Again, this rings true for us who currently face considerable constraints on our normal activities. We feel as if we are in the position of Lazarus, waiting for a word of release to let us step free of our limitations. But we are in the place of Lazarus in Duccio’s painting, alive but restricted. But I wonder if Duccio has not found something profound in choosing to freeze his image at this moment in time. Lazarus is not yet unbound, but he is alive. We can find freedom even when severe constraints appear to limit our choices. In Duccio’s image, I see that freedom in the face of Lazarus, who looks out on the whole scene with a steady gaze which meets the gaze of Jesus. He connects, even while he is still bound. We, too, are free to look upon the world with loving connection, even from the four walls of our living room.
I want to mention one final depiction of this scene, which is by a later Italian painter, Sebastiano del Piombo. His Lazarus is not emerging from a rock-hewn tomb, but from the ground. He is not bound but in the very process of wriggling free from his bandages. His muscular body is shedding its bonds and even his big toe is doing its bit in peeling off the restraining cloths. Where Duccio showed a moment of freedom in the midst of constriction, del Piombo shows a surge of strength and an assertion of vitality. For me, at this point in time, this painting hints at a future hope of resurrection. It suggests an irrepressible life-force which cannot be contained. But something is amiss. No one in the large crowd can look at Lazarus, not even those helping him to undo his bandages. Not one. Except Jesus. He alone can bear to look in the eye one who was dead and see in him the vigour of life, for he is the one who knows that he, too, must undergo the darkest of days before he can embrace the eternal light.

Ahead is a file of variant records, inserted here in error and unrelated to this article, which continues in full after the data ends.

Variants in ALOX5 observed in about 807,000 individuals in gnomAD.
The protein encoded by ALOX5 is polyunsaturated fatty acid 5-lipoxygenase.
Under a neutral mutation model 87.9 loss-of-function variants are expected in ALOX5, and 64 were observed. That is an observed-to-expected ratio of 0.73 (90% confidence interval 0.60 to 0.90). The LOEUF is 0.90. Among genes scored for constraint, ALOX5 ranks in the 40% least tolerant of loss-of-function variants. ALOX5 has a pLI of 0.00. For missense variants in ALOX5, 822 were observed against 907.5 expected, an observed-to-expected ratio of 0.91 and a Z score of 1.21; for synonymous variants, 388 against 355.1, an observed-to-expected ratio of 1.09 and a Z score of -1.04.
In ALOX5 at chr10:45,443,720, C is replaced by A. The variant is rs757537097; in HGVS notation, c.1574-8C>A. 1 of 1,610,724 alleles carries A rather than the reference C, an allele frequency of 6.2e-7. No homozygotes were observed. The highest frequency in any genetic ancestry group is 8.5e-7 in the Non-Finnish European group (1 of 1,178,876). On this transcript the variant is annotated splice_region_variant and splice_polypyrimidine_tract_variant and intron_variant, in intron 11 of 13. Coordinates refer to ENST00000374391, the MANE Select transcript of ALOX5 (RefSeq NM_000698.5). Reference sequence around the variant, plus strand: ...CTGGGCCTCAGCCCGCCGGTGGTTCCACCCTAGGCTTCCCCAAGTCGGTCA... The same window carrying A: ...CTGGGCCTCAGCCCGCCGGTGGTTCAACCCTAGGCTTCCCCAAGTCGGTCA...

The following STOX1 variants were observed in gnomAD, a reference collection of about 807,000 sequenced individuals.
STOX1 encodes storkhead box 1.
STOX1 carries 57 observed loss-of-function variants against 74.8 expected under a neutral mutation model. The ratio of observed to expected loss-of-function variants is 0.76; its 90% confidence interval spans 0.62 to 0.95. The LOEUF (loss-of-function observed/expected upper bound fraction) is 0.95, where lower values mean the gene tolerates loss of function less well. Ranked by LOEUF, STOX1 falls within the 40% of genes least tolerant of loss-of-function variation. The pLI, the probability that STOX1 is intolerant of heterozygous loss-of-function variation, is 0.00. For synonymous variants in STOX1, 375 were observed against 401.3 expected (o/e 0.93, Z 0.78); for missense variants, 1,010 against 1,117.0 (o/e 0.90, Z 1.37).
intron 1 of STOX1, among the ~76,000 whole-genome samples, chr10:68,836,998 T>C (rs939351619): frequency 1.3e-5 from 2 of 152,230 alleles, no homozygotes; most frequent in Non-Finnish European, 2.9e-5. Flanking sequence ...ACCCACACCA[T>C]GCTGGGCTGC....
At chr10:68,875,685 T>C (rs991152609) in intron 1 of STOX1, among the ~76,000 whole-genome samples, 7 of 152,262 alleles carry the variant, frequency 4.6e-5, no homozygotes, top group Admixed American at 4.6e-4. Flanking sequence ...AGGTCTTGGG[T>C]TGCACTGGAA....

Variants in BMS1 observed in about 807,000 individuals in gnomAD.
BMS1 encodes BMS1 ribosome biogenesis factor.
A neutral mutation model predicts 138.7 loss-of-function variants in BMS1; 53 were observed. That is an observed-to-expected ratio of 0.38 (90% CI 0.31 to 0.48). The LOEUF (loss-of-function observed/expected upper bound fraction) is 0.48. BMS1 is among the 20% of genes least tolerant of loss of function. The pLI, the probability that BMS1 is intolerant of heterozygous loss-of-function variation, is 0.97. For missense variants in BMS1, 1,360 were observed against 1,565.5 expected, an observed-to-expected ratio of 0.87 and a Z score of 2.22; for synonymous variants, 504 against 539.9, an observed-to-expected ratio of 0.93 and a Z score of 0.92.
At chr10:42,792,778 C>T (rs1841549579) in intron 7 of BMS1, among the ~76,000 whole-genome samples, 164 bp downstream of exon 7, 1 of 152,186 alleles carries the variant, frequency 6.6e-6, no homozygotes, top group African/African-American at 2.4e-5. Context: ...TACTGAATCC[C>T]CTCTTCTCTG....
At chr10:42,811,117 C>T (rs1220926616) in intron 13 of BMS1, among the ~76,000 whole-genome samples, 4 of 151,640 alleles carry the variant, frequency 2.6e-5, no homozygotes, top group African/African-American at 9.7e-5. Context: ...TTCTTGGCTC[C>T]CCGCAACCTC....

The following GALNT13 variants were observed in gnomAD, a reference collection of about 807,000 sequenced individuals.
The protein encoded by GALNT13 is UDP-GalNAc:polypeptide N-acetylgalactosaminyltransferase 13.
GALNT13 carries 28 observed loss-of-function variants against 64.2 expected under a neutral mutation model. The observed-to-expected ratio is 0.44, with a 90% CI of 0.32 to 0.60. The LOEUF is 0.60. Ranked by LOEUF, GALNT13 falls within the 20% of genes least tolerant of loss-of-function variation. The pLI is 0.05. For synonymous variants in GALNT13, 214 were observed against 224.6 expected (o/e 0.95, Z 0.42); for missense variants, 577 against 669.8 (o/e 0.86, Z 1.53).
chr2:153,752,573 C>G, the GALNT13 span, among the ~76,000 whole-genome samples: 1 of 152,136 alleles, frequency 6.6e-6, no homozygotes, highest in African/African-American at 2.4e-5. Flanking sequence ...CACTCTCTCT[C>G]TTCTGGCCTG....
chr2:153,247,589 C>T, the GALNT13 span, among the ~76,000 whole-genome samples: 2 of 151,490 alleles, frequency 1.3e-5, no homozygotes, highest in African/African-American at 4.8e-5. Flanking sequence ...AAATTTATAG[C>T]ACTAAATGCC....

In him is our life, our hope, our consolation and our strength. In him is the promise that the full vigour of life will not be destroyed. In him is the willingness to look upon that which seems unbearable and see it through to the light of Easter’s dawn.
In tomorrow’s sermon, I’ll be referring to three images that derive from the readings from Ezekiel 37 and John 11. I’ve chosen images that appear on The Visual Commentary on Scripture, which is a wonderful website for anyone interested in how art and faith interact. I won’t comment on them for now as I’ll post the sermon here after preaching it tomorrow but you can enjoy the commentary in VCS by Piers Baker-Bates.
The first is a depiction of the Valley of Dry Bones from Ezekiel and is a fresco from the 3rd century CE synagogue at Dura Europos in present-day Syria.
Next are two images of the raising of Lazarus, which has a rich iconographic tradition in the Christian East, where Lazarus Saturday occurs the day before Palm Sunday. The first is closer to that tradition, not least in the positioning of Lazarus and is by Duccio, from the early 14th century. Eamonn Duffy makes good use of images by Duccio in his excellent prayer book, The Heart in Pilgrimage.
The second is a Renaissance work by Sebastiano del Piombo, incorporating figures by Michelangelo.
I hope the sermon will make sense without having seen the pictures, but thought it would be good to offer them in advance! For now, I’ll let them speak for themselves.
Something a little different today. I’m a sucker for Dutch Golden Age landscapes and I rather like this one which is on display in the Kelvingrove Gallery in Glasgow. It’s by Jacob van Ruisdael and depicts the village of Egmond aan Zee, looking out over the North Sea:
There are two main reasons I like this painting. The first is that when my newborn son was in intensive care in the Yorkhill Children’s Hospital, just over the road from the gallery, I would find a few moments of peacefulness in front of this scene from time to time. The second reason, which explains why I find it peaceful, is that it reminds me of growing up in house in a village on the North East coast of Scotland which had a view of the same sea, albeit a bit further north. My bedroom looked out over the sea’s expanse and I always found peace in this view, which opened up an awareness of boundlessness.